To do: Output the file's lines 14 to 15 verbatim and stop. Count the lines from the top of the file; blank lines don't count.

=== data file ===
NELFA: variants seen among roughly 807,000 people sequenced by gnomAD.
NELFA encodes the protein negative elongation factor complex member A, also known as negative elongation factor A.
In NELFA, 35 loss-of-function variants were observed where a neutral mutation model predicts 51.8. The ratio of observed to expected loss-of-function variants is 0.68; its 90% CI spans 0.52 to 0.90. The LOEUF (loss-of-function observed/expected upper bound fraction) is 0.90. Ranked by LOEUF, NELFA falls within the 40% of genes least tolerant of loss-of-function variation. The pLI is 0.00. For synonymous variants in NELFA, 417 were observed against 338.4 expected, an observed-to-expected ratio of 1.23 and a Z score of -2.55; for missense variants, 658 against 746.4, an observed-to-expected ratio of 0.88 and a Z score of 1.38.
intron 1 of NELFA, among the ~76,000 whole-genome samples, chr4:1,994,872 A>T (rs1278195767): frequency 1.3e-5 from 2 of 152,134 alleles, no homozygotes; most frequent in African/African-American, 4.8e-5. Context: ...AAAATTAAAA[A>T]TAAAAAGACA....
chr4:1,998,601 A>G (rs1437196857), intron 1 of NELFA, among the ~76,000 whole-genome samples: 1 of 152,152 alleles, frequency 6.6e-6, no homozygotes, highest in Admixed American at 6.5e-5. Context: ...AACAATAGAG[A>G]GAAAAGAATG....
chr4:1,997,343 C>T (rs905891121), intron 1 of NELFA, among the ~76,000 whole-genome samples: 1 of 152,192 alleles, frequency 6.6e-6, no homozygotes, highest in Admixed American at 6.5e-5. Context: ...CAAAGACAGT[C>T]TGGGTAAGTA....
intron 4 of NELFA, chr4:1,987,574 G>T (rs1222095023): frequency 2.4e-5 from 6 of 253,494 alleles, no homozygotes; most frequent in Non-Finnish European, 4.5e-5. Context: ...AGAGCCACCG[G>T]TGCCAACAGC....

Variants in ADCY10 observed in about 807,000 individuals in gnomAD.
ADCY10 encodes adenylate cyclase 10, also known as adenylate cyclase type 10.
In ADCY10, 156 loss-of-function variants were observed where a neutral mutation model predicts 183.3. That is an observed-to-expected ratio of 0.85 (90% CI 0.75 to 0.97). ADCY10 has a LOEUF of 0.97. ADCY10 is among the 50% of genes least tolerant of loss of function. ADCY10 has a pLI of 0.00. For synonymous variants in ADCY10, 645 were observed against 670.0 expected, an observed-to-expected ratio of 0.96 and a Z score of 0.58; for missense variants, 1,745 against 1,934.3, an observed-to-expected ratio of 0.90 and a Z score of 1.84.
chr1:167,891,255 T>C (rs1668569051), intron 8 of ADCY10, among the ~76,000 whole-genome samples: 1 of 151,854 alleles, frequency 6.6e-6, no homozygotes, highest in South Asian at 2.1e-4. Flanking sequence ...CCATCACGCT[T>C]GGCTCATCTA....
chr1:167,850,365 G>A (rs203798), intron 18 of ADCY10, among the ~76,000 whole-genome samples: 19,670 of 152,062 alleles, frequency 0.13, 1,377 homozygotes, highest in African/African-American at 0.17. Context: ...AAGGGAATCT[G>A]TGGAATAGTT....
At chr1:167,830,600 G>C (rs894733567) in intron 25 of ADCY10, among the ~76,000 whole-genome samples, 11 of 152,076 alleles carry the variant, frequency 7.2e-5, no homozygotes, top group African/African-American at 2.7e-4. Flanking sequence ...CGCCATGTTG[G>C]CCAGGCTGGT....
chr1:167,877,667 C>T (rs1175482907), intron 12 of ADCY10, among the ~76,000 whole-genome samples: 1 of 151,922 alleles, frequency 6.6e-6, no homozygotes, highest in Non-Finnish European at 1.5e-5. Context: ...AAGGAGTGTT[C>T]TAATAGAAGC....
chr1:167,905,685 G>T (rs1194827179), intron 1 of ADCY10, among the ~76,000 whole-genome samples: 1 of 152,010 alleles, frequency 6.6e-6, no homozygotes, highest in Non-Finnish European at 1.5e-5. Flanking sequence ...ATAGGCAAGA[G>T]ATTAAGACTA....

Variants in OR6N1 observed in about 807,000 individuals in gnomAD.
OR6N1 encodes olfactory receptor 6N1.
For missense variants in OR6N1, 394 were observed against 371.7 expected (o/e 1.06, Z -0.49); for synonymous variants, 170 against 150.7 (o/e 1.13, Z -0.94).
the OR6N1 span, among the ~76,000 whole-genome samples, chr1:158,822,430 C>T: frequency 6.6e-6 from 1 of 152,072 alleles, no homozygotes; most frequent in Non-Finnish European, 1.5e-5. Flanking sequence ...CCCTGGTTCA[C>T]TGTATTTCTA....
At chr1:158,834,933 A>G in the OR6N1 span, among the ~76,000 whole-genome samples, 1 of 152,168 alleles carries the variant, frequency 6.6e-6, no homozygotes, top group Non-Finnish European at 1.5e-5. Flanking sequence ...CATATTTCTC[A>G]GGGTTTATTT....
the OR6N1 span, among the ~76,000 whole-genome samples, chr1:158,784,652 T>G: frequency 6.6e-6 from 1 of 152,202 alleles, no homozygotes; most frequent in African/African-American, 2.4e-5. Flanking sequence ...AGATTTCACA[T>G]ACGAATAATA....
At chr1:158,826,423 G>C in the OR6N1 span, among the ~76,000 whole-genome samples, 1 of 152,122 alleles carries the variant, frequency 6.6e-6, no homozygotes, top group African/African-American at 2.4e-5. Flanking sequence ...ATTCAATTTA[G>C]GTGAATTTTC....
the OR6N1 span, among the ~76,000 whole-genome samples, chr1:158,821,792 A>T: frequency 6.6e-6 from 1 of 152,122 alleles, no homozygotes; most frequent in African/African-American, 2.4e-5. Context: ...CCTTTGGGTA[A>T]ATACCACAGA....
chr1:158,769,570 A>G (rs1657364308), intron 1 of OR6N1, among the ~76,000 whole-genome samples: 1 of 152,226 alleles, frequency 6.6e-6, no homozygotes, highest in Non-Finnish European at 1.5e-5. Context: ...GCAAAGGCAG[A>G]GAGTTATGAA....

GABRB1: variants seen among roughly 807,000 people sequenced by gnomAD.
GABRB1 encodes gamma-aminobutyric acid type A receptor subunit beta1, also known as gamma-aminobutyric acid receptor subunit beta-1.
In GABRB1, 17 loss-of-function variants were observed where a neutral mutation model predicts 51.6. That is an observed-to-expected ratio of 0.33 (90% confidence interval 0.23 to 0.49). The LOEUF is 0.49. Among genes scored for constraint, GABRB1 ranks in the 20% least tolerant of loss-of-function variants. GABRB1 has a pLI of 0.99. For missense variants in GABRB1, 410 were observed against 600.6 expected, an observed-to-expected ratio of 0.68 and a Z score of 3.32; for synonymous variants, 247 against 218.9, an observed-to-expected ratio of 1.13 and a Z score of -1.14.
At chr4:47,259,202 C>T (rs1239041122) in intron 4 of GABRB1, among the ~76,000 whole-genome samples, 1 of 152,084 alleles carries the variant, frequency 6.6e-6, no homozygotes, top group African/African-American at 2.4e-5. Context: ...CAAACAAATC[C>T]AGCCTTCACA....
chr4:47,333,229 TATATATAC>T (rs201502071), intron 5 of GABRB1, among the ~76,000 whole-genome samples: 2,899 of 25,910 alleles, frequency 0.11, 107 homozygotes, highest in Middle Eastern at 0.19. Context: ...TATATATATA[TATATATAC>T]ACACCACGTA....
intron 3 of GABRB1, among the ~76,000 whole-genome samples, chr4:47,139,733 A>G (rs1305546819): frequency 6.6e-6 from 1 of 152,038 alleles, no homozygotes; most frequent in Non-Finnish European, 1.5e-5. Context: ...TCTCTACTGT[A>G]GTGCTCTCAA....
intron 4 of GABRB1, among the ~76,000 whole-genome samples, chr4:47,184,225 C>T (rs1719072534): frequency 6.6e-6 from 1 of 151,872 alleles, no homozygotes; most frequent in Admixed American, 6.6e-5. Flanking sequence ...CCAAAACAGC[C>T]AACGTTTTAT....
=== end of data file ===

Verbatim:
chr1:167,877,667 C>T (rs1175482907), intron 12 of ADCY10, among the ~76,000 whole-genome samples: 1 of 151,922 alleles, frequency 6.6e-6, no homozygotes, highest in Non-Finnish European at 1.5e-5. Context: ...AAGGAGTGTT[C>T]TAATAGAAGC....
chr1:167,905,685 G>T (rs1194827179), intron 1 of ADCY10, among the ~76,000 whole-genome samples: 1 of 152,010 alleles, frequency 6.6e-6, no homozygotes, highest in Non-Finnish European at 1.5e-5. Flanking sequence ...ATAGGCAAGA[G>T]ATTAAGACTA....